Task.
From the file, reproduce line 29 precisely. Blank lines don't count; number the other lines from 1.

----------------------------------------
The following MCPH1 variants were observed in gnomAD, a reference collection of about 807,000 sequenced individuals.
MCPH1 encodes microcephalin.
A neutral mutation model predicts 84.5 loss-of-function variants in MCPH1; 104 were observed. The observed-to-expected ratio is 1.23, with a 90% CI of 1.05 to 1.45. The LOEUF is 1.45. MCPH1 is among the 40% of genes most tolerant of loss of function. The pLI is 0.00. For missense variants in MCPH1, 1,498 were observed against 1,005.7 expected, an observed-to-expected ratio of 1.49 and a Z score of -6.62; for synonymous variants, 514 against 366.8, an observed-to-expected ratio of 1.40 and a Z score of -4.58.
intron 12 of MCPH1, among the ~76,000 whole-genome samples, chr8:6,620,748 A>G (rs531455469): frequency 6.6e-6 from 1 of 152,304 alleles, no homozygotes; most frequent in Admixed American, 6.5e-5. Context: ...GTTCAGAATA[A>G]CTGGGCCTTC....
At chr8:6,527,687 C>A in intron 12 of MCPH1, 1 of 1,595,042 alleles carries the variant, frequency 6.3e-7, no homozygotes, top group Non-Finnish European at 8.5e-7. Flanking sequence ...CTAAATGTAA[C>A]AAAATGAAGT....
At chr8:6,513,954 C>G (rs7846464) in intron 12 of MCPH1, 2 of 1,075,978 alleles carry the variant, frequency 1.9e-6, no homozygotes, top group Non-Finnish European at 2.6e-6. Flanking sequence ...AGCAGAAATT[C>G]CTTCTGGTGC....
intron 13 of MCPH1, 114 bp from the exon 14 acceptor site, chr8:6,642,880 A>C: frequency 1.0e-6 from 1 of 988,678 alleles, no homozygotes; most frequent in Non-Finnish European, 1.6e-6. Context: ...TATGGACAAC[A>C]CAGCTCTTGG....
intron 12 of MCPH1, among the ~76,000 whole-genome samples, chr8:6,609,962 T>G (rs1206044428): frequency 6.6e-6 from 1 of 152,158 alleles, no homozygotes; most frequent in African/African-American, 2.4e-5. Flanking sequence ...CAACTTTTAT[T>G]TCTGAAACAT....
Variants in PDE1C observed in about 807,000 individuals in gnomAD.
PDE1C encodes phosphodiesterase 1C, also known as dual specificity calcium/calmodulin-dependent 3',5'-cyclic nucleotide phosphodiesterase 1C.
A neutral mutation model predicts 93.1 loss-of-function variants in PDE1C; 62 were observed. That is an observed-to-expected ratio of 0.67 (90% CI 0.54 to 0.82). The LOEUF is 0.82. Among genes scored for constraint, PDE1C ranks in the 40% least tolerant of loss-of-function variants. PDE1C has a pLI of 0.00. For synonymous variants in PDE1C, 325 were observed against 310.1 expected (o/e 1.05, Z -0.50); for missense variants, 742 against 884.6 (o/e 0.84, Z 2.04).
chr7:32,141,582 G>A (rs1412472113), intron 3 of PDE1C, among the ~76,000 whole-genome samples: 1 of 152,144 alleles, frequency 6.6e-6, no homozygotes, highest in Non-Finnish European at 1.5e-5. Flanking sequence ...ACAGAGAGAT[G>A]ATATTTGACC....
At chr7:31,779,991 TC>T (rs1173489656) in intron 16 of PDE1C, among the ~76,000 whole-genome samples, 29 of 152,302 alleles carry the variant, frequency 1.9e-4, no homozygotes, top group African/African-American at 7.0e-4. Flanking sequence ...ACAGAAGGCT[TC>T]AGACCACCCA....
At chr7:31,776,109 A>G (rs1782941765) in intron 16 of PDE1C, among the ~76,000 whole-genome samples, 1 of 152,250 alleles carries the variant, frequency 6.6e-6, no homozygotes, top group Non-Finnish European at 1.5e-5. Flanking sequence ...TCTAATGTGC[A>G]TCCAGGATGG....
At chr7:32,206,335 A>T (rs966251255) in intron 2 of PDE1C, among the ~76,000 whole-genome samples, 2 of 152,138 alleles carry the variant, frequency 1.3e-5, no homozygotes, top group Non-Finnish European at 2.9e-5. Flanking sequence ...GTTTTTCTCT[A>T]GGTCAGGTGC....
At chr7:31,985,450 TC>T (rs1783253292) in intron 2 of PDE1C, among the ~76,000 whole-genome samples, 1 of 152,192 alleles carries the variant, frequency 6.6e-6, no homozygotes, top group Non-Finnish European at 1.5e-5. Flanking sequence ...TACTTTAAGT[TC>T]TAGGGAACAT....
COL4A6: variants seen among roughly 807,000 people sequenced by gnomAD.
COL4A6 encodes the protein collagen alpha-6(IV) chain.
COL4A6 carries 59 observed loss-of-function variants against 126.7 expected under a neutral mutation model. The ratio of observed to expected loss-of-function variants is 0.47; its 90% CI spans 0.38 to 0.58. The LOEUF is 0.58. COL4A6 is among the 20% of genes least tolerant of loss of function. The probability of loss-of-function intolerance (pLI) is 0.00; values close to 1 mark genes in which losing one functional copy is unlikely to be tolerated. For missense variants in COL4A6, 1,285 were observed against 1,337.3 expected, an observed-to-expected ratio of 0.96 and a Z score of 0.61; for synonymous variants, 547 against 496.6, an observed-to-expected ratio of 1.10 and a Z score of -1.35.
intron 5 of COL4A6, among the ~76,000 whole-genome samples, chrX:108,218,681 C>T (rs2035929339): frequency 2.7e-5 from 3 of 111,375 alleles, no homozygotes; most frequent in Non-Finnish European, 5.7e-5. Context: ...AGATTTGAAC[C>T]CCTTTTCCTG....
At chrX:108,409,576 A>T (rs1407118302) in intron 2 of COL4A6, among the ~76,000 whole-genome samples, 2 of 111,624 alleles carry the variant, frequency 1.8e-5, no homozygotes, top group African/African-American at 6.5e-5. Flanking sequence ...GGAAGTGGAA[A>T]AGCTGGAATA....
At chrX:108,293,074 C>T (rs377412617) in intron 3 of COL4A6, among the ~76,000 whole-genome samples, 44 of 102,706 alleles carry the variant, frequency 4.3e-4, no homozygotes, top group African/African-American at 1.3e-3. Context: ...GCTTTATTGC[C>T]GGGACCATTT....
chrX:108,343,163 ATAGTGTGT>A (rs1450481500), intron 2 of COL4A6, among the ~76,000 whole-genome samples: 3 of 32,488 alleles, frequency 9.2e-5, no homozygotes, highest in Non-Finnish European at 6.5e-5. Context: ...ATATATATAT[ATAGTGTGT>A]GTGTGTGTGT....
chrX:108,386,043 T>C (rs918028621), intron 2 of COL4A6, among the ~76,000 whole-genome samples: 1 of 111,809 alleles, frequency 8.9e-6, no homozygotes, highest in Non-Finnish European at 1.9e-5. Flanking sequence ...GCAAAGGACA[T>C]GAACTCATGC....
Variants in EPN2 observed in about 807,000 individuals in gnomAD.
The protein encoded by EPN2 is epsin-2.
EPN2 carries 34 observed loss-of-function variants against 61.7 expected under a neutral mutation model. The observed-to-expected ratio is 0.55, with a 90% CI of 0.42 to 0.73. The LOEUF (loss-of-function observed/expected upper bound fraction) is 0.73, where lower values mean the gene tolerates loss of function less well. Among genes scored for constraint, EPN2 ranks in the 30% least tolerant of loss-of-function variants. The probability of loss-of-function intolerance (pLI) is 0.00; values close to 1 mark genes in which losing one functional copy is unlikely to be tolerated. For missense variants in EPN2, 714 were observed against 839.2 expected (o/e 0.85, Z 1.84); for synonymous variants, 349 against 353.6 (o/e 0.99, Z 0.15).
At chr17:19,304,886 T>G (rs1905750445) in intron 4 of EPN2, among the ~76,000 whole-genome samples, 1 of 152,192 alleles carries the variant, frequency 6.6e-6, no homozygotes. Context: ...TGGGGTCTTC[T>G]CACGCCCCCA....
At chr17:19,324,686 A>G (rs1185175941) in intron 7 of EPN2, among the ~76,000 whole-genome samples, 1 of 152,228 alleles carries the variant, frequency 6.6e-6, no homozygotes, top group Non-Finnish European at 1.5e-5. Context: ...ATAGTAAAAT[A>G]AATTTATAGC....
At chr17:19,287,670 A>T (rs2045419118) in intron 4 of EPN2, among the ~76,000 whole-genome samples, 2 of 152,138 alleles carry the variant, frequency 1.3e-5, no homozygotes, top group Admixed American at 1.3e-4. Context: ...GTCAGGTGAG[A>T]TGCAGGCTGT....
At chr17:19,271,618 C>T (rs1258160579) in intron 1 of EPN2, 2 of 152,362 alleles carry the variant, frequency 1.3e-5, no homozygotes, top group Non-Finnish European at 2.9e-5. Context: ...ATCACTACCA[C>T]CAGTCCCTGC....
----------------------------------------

At chr17:19,324,686 A>G (rs1185175941) in intron 7 of EPN2, among the ~76,000 whole-genome samples, 1 of 152,228 alleles carries the variant, frequency 6.6e-6, no homozygotes, top group Non-Finnish European at 1.5e-5. Context: ...ATAGTAAAAT[A>G]AATTTATAGC....